· Operators will be reluctant to invest in new technologies or upgrade their networks to endorse faster and higher quality networks and the quality and range of services that will be available to consumers may be prejudiced.
Contrary evidence is that handset prices and royalty costs have actually fallen—with handset prices, upon which royalty fees are based, declining 77% on average since 1993—despite the addition of many new technologies and increasing demand for advanced features and functionality.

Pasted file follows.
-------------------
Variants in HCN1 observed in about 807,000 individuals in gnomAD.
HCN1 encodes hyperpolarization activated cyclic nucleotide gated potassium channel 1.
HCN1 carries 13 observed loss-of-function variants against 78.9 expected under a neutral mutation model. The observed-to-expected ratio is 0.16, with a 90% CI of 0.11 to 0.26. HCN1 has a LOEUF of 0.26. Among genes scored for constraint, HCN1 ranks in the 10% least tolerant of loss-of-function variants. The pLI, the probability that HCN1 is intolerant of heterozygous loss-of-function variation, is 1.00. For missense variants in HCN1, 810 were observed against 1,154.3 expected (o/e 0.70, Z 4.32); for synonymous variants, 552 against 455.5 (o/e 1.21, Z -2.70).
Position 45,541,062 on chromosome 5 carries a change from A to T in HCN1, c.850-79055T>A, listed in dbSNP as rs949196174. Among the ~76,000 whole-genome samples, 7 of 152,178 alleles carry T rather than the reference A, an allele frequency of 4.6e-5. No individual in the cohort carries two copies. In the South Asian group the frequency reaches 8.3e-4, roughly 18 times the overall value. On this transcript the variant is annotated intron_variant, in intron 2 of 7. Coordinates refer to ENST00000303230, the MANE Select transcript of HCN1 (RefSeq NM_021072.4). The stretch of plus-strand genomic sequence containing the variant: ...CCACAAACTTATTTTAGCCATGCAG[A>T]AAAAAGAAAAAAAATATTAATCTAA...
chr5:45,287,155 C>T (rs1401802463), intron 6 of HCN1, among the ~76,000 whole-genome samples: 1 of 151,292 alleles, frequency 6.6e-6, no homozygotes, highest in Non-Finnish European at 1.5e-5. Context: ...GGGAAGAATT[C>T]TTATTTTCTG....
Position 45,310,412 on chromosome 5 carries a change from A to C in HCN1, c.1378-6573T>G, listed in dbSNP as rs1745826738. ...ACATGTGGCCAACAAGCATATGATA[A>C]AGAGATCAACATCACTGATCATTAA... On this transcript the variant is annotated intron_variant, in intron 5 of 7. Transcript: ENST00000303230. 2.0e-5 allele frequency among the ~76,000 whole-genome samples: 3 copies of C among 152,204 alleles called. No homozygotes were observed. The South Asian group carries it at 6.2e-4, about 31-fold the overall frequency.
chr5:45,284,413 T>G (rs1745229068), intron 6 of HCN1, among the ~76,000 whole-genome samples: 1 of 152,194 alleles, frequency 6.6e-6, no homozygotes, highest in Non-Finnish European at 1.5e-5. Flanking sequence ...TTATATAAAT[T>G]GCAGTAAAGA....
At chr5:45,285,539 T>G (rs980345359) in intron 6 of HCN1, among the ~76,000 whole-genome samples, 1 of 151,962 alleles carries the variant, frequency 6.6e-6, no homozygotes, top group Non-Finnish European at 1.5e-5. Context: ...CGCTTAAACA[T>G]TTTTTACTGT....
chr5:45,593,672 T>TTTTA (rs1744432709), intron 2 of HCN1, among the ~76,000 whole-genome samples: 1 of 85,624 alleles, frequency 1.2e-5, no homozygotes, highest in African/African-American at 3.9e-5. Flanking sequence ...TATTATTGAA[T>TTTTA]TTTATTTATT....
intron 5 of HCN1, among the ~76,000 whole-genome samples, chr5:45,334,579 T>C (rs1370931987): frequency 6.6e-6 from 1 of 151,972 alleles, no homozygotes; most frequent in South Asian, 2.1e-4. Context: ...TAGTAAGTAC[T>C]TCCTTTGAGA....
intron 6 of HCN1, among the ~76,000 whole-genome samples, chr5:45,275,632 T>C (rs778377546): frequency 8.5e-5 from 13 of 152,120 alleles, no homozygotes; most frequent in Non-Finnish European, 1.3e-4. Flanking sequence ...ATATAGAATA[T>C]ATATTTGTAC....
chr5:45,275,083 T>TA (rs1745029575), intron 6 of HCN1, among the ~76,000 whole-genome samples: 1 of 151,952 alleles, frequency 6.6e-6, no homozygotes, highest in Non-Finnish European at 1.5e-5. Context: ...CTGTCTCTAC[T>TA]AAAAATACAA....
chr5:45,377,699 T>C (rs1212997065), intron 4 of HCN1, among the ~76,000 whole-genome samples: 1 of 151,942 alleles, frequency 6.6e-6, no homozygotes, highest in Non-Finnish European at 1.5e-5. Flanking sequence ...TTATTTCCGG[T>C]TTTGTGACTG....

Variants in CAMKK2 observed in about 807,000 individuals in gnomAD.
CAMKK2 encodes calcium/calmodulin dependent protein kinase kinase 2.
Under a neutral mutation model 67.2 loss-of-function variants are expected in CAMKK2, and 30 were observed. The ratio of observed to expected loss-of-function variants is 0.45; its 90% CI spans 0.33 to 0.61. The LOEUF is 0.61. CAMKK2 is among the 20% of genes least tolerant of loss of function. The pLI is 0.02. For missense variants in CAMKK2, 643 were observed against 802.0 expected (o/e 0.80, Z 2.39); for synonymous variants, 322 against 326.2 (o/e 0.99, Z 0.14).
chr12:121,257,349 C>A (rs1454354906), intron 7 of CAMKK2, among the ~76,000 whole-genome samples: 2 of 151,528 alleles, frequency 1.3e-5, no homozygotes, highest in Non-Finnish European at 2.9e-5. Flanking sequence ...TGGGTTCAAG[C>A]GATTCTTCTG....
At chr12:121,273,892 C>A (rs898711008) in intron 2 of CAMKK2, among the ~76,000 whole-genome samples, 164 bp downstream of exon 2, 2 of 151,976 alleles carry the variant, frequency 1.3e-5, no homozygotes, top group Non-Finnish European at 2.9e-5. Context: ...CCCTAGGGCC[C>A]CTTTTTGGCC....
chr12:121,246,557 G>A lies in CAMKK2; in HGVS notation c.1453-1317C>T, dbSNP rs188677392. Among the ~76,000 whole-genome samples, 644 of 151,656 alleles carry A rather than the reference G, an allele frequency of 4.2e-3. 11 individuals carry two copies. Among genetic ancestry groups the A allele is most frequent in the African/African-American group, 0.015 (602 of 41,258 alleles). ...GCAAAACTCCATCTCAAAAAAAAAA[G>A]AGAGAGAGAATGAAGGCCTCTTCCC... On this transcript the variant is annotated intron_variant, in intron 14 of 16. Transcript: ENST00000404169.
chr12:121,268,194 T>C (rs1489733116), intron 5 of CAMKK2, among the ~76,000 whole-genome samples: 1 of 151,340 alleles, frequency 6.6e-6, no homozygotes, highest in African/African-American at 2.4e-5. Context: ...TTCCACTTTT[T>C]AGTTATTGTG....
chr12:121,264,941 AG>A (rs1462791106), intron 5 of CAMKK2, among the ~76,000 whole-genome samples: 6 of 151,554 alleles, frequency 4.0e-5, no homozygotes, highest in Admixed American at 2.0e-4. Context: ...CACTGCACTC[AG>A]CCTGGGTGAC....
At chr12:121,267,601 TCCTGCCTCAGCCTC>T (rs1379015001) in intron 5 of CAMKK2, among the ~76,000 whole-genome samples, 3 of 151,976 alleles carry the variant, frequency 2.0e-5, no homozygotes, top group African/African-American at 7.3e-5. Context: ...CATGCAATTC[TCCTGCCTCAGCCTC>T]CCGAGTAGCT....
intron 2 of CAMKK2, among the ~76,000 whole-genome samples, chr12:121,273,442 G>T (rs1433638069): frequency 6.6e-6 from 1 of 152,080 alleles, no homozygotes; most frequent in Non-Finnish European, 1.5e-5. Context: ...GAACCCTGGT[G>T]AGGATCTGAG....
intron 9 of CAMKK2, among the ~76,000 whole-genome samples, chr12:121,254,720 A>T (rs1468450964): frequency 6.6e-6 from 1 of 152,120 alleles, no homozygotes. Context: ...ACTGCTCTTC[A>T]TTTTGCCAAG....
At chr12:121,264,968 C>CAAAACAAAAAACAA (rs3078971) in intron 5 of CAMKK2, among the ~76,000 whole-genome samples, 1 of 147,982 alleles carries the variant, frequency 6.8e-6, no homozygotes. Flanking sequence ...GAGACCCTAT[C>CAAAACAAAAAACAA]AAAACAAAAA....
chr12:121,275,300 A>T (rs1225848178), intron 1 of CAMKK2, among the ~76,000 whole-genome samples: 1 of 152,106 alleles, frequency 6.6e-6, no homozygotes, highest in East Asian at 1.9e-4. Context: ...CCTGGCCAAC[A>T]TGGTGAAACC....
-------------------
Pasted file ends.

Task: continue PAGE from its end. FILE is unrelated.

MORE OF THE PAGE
Estimates for “cumulative royalties” vary widely. In 1998, International Telecommunications Standards User Group (representing some operators and manufacturers) complained to the European Commission that “when GSM handsets first appeared on the marketplace cumulative royalties amounted to as much as 35 percent to 40 percent of the ex-works selling price”. Much lower estimates for the cumulative GSM royalty rate paid, by companies that do not have any patents to trade, include 10-13 percent (IP Law and Business reporting PA Consulting Group estimate, July, 2005). In September 2005, CSFB’s “3G Economics” report estimated cumulative royalties had fallen to single digits and predicted 17.3% cumulative royalties in WCDMA “for those vendors without an IPR position to trade off”. Whereas ABI Research described average WCDMA cumulative royalties of 9.4% in 2007 “a most challenging barrier... ...to the development of more affordable devices”, the market-leading handset manufacturer with 37% share was paying much less: Nokia stated that “until 2007 it has paid less than 3 percent aggregate license fees on WCDMA handset sales under all its patent license agreements”. In addition, there have been various attempts to determine aggregate fees sought by licensors for new technologies. In 2007, the Next Generation Mobile Network (NGMN) Alliance, an industry group led by mobile operators and including major 4G equipment vendors, established a confidential process for the ex ante disclosure and aggregation of expected licensing fees for a number of upcoming 4G standards including LTE. The process concluded in 2009 and the results are confidential. However, commentators have suggested the individual disclosures of expected licensing fees—which were in several cases accompanied by public disclosures on company websites—produced misleading and unrealistic figures. Aggregate figures derived are not actual prices paid including cross-licensing and do not reflect other realities in negotiations such as identification of patents that are weak or inapplicable. Patent strengths and “essentiality” were not validated. In 2003, the 3G Patent Platform Partnership (including 19 telecommunications operators and equipment makers) estimated “that several hundred different patents, among several thousand publicly claimed as essential, will actually be determined to be ‘essential patents’ in implementing 3G standards”. Some candidate licensees would rather risk being sued than pay “rack rates” in these circumstances. Licensors prefer to negotiate settlements than litigate and subject their patents to invalidity and non-infringement claims. Vertically-integrated licensors are particularly concerned about their product revenues with the risk of being counter-sued for infringement. Mobile operators are as eager as ever to invest in new technologies to improve performance and lower total costs. New technology cost savings outweigh licensing fees. For example, while mobile operators spend billions of dollars on spectrum, technological advancements have mitigated this cost with 20-fold spectral efficiency increases and much improved voice encoding since 1G analogue cellular. Operators worldwide are investing extensively in advanced technologies HSPA+ and LTE that have increased network capacity and maximum end-user data speeds 1,000-fold since the introduction of 2G technologies around 1993. In the US, for example, all the major operators (and smaller ones too) claim to have introduced “4G services” over the last couple of years. Operators are also making major investments in associated devices by significantly subsidising end-user prices. With demand for HSPA+ and LTE so strong, IP cost issues can be no more significant than they were with previously and currently successful 2G and 3G technologies.